300 Sports Direct workers file legal claims

Submitted by claudiaobrien on Wed, 04/02/2015 - 11:52

4 Febuary 2015

The workers were excluded from their bonus scheme because they were on zero-hours contracts. The scheme paid out about £160m in shares in 2013, but only to “permanent” workers.

Lawyers acting on behalf of 30 of the workers, who have been continuously employed by the company for over five years, have sent a letter to Sports Direct claiming over £1m in compensation. The claims average about £36,000 per person, with the largest claim totalling £100,000, the Guardian reports.

Claims for the rest of the workers will be lodged in due course.

Legal firm Leigh Day, representing the workers, has called on Sports Direct to confirm that the workers who still work for the company will not face disciplinary action for filing the claims, as it would be unlawful.

Sports Direct employs over 90% of its staff of zero-hours contracts – around 20,000 workers. Last year, a legal action by former employee Zahera Gabriel-Abrahem forced the company to make the poor terms and conditions of the contracts clear to staff, and to explicitly inform them of their entitlement to statutory sick pay and holiday pay.

In the words of Elizabeth George, a barrister at Leigh Day who represented Gabriel-Abrahem;“Zero-hours workers are not second-class workers. They have the right to be treated fairly and with respect. They have the right to take holidays and to be paid when they take them. They have the right to statutory sick pay. They have a right to request guaranteed hours.”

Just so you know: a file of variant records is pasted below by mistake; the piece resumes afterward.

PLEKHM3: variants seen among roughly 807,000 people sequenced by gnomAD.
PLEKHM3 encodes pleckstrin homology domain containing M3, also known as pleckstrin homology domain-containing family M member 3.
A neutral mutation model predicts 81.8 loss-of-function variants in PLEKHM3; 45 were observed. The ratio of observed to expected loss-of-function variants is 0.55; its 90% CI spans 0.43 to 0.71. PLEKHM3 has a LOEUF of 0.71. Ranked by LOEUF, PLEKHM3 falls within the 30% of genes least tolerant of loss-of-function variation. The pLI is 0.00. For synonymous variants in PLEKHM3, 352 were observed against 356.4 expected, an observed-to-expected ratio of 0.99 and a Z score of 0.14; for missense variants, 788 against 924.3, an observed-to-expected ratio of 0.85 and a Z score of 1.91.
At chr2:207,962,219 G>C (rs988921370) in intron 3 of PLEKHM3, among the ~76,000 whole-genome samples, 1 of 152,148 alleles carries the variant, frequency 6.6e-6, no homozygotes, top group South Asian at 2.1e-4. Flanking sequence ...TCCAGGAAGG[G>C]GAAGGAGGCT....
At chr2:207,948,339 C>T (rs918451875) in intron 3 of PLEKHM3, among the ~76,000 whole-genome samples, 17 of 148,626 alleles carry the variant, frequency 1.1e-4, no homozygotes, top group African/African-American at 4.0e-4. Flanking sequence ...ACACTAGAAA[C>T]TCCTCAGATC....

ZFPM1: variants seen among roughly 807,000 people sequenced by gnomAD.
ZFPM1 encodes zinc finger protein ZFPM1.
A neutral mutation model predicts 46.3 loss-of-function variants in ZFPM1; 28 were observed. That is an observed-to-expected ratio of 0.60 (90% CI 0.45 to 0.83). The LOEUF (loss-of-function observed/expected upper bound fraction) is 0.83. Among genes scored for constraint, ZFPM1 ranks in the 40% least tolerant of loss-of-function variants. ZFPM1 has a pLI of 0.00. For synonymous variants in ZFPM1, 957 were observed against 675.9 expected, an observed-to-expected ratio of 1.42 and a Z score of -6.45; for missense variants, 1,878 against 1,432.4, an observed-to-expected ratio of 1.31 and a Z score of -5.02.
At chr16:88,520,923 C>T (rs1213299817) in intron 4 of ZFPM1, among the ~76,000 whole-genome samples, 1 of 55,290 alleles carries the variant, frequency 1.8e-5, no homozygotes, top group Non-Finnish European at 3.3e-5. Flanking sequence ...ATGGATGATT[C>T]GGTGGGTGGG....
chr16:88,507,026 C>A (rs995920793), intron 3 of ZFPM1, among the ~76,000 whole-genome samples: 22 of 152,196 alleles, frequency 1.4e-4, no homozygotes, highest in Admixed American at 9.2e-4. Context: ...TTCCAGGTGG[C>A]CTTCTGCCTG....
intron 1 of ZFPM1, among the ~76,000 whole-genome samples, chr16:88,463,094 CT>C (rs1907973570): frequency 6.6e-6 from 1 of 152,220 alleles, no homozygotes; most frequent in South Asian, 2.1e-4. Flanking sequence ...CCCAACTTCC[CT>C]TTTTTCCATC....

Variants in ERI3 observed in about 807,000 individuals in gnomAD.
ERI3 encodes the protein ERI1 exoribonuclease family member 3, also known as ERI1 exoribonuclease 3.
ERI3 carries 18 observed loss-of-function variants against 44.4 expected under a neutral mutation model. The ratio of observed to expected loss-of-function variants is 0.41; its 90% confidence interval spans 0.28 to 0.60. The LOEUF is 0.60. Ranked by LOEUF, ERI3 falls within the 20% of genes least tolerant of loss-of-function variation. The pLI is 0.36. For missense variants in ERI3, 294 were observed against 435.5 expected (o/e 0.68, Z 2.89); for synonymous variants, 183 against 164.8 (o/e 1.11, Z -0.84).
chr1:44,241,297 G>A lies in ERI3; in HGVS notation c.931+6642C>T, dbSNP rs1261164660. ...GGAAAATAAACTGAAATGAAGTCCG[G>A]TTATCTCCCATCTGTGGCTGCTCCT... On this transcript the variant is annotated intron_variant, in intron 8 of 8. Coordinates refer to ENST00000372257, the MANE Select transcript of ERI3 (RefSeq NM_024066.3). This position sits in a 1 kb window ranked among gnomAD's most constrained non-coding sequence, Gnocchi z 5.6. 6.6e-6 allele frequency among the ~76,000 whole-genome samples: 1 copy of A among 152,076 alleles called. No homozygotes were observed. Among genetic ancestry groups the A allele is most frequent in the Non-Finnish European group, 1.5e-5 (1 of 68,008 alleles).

Ed Miliband has also addressed the issue; “People [are] asking why they are on zero-hours contracts while those at the top get away with zero tax”, he said. “This zero-zero economy is a symptom of a deeply unequal, deeply unfair, deeply unjust country; a country I am determined to change.”

It was noted at the time that while the acknowledgement of employment rights abuse is a positive development, there was an absence of any strategy of address it. Keith Ewing and John Hendy commented; “The solution lies only in raising wages and equalising incomes, and the only way by which that will be done is by revitalising collective bargaining between trade unions and employers.  Inequality levels have grown primarily because collective bargaining coverage has collapsed. While well-intentioned, living wage campaigns are a feeble alternative calculated to fail. Until Labour is prepared to take steps to empower trade unions and restore the universal coverage of collective bargaining, there will no meaningful solution to the problem of low pay and zero hours contracts.”

For more information on zero-hours contracts Re-regulating Zero Hours Contracts is available now.

To find out more about collective bargaining, the IER’s Reconstruction After the Crisis: A Manifesto for Collective Bargaining is available for purchase.

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